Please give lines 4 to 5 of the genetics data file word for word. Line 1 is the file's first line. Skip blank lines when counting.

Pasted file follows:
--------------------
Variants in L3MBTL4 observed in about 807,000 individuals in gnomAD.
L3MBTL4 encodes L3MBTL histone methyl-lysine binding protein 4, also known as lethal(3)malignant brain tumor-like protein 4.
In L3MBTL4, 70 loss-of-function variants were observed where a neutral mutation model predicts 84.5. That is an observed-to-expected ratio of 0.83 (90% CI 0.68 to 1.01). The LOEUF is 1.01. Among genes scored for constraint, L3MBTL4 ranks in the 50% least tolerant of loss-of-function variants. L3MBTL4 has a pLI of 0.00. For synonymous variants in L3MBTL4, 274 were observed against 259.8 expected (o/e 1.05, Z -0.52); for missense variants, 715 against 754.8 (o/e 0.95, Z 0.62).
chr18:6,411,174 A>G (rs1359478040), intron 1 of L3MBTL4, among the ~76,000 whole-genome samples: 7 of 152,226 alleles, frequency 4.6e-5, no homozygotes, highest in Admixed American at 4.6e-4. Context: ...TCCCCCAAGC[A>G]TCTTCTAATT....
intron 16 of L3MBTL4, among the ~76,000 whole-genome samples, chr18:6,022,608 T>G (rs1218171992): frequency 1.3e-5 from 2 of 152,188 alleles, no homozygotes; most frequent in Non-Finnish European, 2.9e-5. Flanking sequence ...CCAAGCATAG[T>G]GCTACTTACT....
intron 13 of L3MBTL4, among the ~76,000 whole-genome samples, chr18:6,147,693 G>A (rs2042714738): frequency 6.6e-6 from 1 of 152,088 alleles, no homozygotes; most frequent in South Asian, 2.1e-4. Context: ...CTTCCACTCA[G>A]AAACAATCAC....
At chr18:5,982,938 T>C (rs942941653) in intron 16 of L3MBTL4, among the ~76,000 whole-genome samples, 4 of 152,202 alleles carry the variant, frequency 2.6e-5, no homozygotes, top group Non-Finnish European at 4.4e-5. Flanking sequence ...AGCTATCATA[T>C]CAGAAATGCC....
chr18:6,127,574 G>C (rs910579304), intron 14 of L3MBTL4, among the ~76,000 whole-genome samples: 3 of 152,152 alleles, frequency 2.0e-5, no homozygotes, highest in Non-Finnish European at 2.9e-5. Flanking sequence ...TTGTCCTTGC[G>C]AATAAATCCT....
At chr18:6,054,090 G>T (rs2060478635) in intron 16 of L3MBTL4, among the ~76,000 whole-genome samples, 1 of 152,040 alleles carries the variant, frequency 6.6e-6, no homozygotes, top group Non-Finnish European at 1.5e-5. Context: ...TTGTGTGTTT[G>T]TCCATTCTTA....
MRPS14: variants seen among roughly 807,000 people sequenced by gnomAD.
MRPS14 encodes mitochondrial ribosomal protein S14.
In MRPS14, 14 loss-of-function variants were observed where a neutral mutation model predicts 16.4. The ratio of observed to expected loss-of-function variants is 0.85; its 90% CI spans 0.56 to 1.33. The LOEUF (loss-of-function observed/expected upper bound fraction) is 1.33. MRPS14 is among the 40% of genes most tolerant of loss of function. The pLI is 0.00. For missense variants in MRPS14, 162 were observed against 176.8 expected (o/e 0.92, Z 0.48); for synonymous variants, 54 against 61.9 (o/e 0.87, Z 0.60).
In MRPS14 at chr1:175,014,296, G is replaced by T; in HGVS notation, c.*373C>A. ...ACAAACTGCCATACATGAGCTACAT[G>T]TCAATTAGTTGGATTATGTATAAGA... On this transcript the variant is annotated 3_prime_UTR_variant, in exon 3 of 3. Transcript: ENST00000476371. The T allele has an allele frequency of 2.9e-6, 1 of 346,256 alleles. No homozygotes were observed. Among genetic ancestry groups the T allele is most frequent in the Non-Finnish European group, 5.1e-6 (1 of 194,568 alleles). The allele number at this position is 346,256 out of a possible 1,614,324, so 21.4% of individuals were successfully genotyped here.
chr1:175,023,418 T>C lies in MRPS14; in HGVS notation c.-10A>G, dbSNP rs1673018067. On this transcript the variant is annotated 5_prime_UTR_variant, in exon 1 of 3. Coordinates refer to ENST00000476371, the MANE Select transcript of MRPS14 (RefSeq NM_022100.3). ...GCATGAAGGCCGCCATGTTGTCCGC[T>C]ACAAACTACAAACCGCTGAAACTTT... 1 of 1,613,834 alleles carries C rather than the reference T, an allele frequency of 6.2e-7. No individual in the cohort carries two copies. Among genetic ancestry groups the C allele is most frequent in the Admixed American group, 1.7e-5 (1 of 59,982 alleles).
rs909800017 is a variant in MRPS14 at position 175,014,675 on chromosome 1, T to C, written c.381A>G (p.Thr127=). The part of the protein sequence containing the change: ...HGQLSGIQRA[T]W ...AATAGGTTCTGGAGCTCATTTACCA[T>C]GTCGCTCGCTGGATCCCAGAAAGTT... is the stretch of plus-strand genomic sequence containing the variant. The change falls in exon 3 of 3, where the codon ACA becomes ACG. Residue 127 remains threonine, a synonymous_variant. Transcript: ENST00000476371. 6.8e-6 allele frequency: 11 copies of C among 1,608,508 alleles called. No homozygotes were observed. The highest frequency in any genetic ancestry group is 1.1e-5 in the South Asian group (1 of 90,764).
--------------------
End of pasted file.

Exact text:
chr18:6,411,174 A>G (rs1359478040), intron 1 of L3MBTL4, among the ~76,000 whole-genome samples: 7 of 152,226 alleles, frequency 4.6e-5, no homozygotes, highest in Admixed American at 4.6e-4. Context: ...TCCCCCAAGC[A>G]TCTTCTAATT....
intron 16 of L3MBTL4, among the ~76,000 whole-genome samples, chr18:6,022,608 T>G (rs1218171992): frequency 1.3e-5 from 2 of 152,188 alleles, no homozygotes; most frequent in Non-Finnish European, 2.9e-5. Flanking sequence ...CCAAGCATAG[T>G]GCTACTTACT....